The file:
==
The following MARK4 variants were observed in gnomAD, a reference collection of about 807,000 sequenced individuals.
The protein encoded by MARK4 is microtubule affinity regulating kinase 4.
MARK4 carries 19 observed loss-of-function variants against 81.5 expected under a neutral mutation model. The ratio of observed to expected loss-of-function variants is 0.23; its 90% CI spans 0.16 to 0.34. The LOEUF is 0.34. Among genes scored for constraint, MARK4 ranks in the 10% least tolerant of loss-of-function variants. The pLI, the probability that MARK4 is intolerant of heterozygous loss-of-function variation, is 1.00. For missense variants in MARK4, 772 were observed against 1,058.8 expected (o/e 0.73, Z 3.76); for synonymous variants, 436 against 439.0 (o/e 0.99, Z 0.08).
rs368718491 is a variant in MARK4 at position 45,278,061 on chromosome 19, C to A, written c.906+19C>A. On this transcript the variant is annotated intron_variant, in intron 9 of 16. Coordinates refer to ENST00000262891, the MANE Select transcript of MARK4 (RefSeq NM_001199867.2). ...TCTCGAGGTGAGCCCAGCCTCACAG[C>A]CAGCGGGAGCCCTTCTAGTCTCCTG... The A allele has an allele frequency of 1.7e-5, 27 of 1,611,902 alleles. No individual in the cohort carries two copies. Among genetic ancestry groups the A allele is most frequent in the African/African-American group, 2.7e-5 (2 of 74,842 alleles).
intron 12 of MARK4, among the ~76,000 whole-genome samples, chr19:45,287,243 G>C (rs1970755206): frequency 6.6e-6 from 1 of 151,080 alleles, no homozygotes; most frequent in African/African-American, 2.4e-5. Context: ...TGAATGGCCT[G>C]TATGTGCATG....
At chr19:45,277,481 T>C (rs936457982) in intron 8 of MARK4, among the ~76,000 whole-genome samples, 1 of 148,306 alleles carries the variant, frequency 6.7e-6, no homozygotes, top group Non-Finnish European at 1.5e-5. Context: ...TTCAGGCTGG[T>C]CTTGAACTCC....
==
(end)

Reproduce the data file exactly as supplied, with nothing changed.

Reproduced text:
The following MARK4 variants were observed in gnomAD, a reference collection of about 807,000 sequenced individuals.
The protein encoded by MARK4 is microtubule affinity regulating kinase 4.
MARK4 carries 19 observed loss-of-function variants against 81.5 expected under a neutral mutation model. The ratio of observed to expected loss-of-function variants is 0.23; its 90% CI spans 0.16 to 0.34. The LOEUF is 0.34. Among genes scored for constraint, MARK4 ranks in the 10% least tolerant of loss-of-function variants. The pLI, the probability that MARK4 is intolerant of heterozygous loss-of-function variation, is 1.00. For missense variants in MARK4, 772 were observed against 1,058.8 expected (o/e 0.73, Z 3.76); for synonymous variants, 436 against 439.0 (o/e 0.99, Z 0.08).
rs368718491 is a variant in MARK4 at position 45,278,061 on chromosome 19, C to A, written c.906+19C>A. On this transcript the variant is annotated intron_variant, in intron 9 of 16. Coordinates refer to ENST00000262891, the MANE Select transcript of MARK4 (RefSeq NM_001199867.2). ...TCTCGAGGTGAGCCCAGCCTCACAG[C>A]CAGCGGGAGCCCTTCTAGTCTCCTG... The A allele has an allele frequency of 1.7e-5, 27 of 1,611,902 alleles. No individual in the cohort carries two copies. Among genetic ancestry groups the A allele is most frequent in the African/African-American group, 2.7e-5 (2 of 74,842 alleles).
intron 12 of MARK4, among the ~76,000 whole-genome samples, chr19:45,287,243 G>C (rs1970755206): frequency 6.6e-6 from 1 of 151,080 alleles, no homozygotes; most frequent in African/African-American, 2.4e-5. Context: ...TGAATGGCCT[G>C]TATGTGCATG....
At chr19:45,277,481 T>C (rs936457982) in intron 8 of MARK4, among the ~76,000 whole-genome samples, 1 of 148,306 alleles carries the variant, frequency 6.7e-6, no homozygotes, top group Non-Finnish European at 1.5e-5. Context: ...TTCAGGCTGG[T>C]CTTGAACTCC....